Background: 90-day mortality (90 DM) has been proposed as a clinical indicator in radiotherapy delivered in a curative setting. No large scale assessment has been made. Its value in allowing robust comparisons between centres and facilitating service improvement is unknown. Methods: All radiotherapy treatments delivered in a curative setting over seven years were extracted from the local electronic health record and linked to cancer registry data. 90 DM rates were assessed and factors associated with this outcome were investigated using logistic regression. Cause of death was identified retrospectively further characterising the cause of 90 DM. Results: Overall 90 DM was 1.25%. Levels varied widely with diagnosis (0.20–5.45%). Age (OR 1.066, 1.043–1.073), year of treatment (OR 0.900, 0.841–0.969) and diagnosis were significantly associated with 90 DM on multi-variable logistic regression. Cause of death varied with diagnosis; 50.0% post-operative in rectal cancer, 40.4% treatment-related in head and neck cancer, 59.4% disease progression in lung cancer. Conclusion: Despite the drive to report centre level comparative outcomes, this study demonstrates that 90 DM cannot be adopted routinely as a clinical indicator due to significant population heterogeneity and low event rates. Further national investigation is needed to develop a meaningful robust indicator to deliver appropriate comparisons and drive improvements in care.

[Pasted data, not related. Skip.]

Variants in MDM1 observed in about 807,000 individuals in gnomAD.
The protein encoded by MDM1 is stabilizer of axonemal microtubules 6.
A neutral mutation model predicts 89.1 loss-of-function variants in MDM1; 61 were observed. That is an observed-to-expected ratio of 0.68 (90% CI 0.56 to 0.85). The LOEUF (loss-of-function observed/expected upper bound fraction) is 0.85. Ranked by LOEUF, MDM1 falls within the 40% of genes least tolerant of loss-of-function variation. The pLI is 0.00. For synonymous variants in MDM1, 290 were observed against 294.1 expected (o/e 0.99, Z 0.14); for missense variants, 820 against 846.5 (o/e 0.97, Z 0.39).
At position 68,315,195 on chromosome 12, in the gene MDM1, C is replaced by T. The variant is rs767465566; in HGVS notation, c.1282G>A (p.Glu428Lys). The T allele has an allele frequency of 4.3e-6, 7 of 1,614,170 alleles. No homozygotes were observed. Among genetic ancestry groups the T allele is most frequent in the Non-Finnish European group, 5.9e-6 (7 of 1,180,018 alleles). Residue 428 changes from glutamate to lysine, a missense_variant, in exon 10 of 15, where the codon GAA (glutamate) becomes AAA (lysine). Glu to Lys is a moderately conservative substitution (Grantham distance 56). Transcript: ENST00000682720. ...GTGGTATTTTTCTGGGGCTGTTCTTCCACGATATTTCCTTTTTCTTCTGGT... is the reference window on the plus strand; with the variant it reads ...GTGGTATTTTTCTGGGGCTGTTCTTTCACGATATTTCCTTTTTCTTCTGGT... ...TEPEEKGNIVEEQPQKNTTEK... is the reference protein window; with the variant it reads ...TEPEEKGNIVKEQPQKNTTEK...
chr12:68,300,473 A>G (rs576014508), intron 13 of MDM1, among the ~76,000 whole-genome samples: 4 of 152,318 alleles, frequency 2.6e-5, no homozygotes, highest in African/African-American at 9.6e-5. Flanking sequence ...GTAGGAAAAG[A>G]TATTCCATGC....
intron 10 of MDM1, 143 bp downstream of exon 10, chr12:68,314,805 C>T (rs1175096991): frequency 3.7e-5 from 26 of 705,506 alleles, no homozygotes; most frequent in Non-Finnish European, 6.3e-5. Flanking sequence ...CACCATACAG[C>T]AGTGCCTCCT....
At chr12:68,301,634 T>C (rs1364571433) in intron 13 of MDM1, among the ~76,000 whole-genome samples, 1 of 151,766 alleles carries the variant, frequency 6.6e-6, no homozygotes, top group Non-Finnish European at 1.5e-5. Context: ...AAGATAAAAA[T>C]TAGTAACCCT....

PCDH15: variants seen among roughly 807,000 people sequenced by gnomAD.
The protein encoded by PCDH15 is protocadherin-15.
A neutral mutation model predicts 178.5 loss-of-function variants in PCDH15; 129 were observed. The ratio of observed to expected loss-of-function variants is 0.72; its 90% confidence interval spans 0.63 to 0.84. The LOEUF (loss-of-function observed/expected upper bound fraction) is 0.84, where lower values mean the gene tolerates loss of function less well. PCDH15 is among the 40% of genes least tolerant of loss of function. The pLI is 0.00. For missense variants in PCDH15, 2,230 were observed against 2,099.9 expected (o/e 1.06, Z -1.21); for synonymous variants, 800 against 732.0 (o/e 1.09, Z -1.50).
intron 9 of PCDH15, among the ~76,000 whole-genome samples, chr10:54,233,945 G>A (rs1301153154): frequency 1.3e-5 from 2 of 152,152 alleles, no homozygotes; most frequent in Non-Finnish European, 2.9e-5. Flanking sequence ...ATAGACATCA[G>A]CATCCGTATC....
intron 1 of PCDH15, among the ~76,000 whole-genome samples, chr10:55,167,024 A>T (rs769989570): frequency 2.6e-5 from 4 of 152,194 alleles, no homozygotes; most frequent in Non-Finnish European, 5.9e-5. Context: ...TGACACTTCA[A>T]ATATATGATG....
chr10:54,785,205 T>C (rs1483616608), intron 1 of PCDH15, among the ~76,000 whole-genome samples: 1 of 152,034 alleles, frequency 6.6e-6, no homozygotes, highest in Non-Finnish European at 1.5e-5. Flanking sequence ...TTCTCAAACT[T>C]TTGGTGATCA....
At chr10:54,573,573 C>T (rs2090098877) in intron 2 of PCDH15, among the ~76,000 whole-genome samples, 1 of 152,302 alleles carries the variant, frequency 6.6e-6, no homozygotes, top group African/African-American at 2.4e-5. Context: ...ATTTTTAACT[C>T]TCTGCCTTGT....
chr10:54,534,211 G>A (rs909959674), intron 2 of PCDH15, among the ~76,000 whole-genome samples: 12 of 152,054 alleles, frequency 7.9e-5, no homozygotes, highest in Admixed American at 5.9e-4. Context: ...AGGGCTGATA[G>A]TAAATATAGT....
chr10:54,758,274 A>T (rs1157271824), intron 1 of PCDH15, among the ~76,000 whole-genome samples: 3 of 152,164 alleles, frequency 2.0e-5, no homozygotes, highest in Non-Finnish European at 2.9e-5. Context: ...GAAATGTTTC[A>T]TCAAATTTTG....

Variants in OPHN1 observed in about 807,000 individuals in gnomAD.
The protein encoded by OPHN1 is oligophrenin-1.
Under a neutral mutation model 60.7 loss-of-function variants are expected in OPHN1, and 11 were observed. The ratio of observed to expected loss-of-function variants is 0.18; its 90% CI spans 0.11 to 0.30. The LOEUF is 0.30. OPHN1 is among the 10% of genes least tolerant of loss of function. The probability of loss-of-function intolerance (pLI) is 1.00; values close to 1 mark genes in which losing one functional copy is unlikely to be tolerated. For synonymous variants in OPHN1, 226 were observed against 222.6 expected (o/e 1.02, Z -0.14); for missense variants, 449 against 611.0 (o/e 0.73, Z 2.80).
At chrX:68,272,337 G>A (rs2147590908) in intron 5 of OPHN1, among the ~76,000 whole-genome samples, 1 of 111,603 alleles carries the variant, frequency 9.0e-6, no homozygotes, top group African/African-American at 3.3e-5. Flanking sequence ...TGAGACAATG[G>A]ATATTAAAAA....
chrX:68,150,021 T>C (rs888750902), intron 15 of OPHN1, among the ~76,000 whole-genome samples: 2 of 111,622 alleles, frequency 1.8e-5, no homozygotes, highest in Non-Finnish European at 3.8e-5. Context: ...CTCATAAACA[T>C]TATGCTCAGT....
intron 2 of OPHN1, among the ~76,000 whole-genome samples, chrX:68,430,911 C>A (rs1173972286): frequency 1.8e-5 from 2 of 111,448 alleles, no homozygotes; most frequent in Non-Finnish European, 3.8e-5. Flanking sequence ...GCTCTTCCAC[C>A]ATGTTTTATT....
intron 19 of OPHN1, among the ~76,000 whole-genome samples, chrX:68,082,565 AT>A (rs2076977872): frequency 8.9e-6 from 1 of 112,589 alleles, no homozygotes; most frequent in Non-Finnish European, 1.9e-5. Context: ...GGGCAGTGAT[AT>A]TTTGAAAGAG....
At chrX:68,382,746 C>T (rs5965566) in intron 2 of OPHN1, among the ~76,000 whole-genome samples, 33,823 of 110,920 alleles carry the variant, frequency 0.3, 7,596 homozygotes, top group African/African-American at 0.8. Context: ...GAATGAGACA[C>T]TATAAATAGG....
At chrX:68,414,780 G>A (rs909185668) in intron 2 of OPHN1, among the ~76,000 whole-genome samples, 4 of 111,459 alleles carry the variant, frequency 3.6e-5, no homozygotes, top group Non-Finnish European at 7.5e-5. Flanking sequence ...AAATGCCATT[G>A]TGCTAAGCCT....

All Science Journal Classification (ASJC) codes
- Radiology Nuclear Medicine and imaging